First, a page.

Edited 1/24/2003 10:38:52 PM ET by Tish

        1. rjf | | #17

          I was kind of kidding but it is a funny word.  Weaving in a loop makes all kinds of sense....wouldn't they wind it as we do for warp before dying?  Then leaving it uncut before weaving would keep the pattern in place very nicely.  And the endless loop makes one think about eternity which seems to fit a priestess weaver.    rjf

          1. Tish | | #19

            For Indonesian double Ikat the thread is measured and bound for the dying before the warp is wound.  It's an amazing process.  The thread is about as thick as our quilting thread.  The weavers and their apprentices wind the long continuous threads into little bundles.  They memorize the bundle sizes that make the traditional patterns.  Then they dye them with indigo, untie them, rebundle them, and dye them again with a plant dye that has a red-ochre color.  The tradition is that in the ancient times, blood was used, but there is no evidence of that.  Then they wind the warp onto the loom.  I saw pictures of this several years ago.  The weavers and their apprentices are all women.  This is done in only a few villages in the southern part of the country.  The people are Hindu, and are believed to be among the first humans to settle the islands, making this weaving is one of the oldest traditionally practiced religious expressions in the world.  The government has granted a protected status to the weavers and their villages to try to save the art form.  As it is, knowledge of how to measure and dye many of the traditional patterns has been lost, and becoming a weaver is not as attractive to young women as it used to be.

            When I researched this a few years ago, my weaving teacher brought in some fabric that she had bought.  When the fabric isn't perfect, for instance, if the warp and weft patterns don't quite match up, they cut it and sell it to tourists.  My teacher had also bought an uncut piece, which she apparently had to work hard to talk them into selling.  It is light, like a heavy gauze, in undyed cotton-white, deep indigo, black and red-ochre.  Having read about its manufacture, I felt honored just to touch it.  Mary (instructor) laughed at me, but kindly.

            The double Ikat done in India and Japan is also beautiful and noteworthy, but it is not so steeped in religious overtones.  The weavers of Gujarat have modernized production, even using some synthetic dyes.  I read that they found the traditional dyes to be brighter, but harder to use, so they do some fabrics with one and some with the other.  The Japanese double Ikat is simple geometric patterns and not so elaborate as the others.  The single Ikats of Indonesia and Guatemala are probably most familiar to most of us.  Now, a lot of that is machine made for export and the tourist trade.  My daughter had a Guatemalan boyfriend who promised to bring me some hand made Ikat, but they broke up.  Maybe someday I'll get to Central America and get some for myself.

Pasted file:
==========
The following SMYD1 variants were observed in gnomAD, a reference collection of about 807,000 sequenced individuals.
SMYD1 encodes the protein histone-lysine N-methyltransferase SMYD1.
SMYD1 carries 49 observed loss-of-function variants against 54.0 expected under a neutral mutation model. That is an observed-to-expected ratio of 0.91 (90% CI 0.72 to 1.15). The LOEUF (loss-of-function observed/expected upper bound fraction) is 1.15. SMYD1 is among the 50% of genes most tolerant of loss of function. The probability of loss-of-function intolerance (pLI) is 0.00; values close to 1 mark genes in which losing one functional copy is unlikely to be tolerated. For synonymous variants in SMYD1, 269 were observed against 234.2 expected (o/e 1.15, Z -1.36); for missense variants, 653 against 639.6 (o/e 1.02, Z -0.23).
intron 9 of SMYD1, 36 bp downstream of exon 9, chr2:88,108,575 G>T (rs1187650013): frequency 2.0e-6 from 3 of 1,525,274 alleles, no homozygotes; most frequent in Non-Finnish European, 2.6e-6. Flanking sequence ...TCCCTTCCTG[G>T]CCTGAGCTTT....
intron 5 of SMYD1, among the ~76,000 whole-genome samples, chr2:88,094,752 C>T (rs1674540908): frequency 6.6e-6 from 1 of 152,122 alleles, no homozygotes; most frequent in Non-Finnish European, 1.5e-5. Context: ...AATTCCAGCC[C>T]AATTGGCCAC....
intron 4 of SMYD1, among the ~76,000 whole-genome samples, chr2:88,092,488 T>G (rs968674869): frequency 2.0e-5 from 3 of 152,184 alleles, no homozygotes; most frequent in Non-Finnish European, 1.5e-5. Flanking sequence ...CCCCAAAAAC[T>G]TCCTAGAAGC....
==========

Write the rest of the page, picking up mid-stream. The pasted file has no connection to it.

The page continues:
2. rjf | | #20

            So double Ikat is dyed twice?  Or used for both warp and weft?  I guess what I'm asking is what is the difference between single and double.  When you say "small bundles", how small do you mean?  I'm certainly gaining a whole new respect for the word!  The library has a book about weaving all over the world that might explain some of it to me.   And I might get an idea for that white chennille!    rjf     

          3. Tish | | #21

            Usually, Ikat is either warp or weft ikat, which means that the pattern is dyed into one of the two, prior to weaving.  In double Ikat, both the warp and weft are dyed, and the patterns must match for the proper effect.  The measured threads are wound into little bundles-kind of like a skein of embroidery thread, and the bundles are tightly wrapped with more thread so that when the thread is dyed, the wrapped portion is not dyed.  Here's a very informative site about the weavers of Gujarat:


            I haven't found anything as good about the Indonesian weavers, but here's a picture of double Ikat from Bali, Indonesia:


            The fabrics called "geringsing" are double Ikat.

            Edited to add this site:


            click on the enlargements, and on numbers 17 and 18 look at the human figures seen kneeling by the lower points of the four-pointed stars.  Those designs are dyed separately into the warp and weft, and look at the clarity!  This is just very amazing.